With Democrats winning control of the House, we expect them to spend the next two years developing and voting on aggressive drug pricing legislation, including policies to allow the government to negotiate prices in Medicare, which is essentially government price setting, as well as expand the government’s power to seize patents if they do not approve of a manufacturer’s price. But with Republicans maintaining control of the Senate, it is unlikely that any of these ill-conceived policies will be enacted next year.

Since regulators are immune to the slowdowns that result from midterm election campaigns and the changing of the guard, we expect the Trump administration to continue its current pace of policymaking.

Going into 2019, we hope that the administration sets aside some time to observe the implications of recently enacted changes before barreling through with another series of reforms. Mindful observation and reflection is important, especially when it comes to policy, because it is difficult to assess how well one policy is working while numerous other policy changes are simultaneously underway.

Only by slowing down and measuring the effectiveness, as well as the consequences, of this past year’s policy reforms can we be confident that these changes are productive and protect patients’ access to critical therapies.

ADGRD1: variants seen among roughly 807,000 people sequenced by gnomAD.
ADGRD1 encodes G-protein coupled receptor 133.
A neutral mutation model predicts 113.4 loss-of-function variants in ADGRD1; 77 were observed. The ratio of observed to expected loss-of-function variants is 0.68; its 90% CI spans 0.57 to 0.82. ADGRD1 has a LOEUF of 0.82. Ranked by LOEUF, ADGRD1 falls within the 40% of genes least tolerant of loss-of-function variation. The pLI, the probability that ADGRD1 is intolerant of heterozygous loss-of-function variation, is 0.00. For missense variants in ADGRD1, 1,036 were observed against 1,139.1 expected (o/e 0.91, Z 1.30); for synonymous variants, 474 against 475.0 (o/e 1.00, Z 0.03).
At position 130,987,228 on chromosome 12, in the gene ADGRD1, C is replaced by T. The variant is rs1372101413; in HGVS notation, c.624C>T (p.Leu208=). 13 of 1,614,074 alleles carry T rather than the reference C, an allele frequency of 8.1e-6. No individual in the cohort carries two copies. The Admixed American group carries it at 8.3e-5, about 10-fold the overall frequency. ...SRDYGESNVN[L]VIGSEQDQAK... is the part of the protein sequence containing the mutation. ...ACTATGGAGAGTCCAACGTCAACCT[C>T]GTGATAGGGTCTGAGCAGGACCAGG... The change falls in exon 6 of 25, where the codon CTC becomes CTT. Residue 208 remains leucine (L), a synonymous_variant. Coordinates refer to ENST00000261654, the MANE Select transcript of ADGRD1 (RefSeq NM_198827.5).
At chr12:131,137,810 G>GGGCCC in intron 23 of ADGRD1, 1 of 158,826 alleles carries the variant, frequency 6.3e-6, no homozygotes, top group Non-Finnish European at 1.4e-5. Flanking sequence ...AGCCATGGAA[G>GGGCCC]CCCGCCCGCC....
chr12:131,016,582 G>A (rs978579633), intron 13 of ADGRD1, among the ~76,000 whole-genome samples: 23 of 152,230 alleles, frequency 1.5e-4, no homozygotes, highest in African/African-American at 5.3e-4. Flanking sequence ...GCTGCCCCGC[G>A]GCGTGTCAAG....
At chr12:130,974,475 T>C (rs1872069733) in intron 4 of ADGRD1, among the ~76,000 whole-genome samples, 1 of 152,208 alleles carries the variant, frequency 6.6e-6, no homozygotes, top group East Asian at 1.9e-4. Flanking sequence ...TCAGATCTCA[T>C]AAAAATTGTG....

Lindsay Bealor GreenleafLindsay Bealor Greenleaf is director at ADVI, a healthcare consulting firm representing life science companies and healthcare provider organizations.

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Let’s rethink generations in 2019

BY David Orgel

There’s a generation gap that could get bigger in 2019.

It’s not about disagreements between different age groups. Rather, it’s a gap in terms of how generations are perceived versus the reality.

This is a crucial topic for retailers because they have worked hard to understand shoppers. However, there’s a temptation to make broad assumptions about how shoppers will act based on generational trends. Those insights only go so far. They can be too general, and often don’t account for ongoing consumer behavior shifts.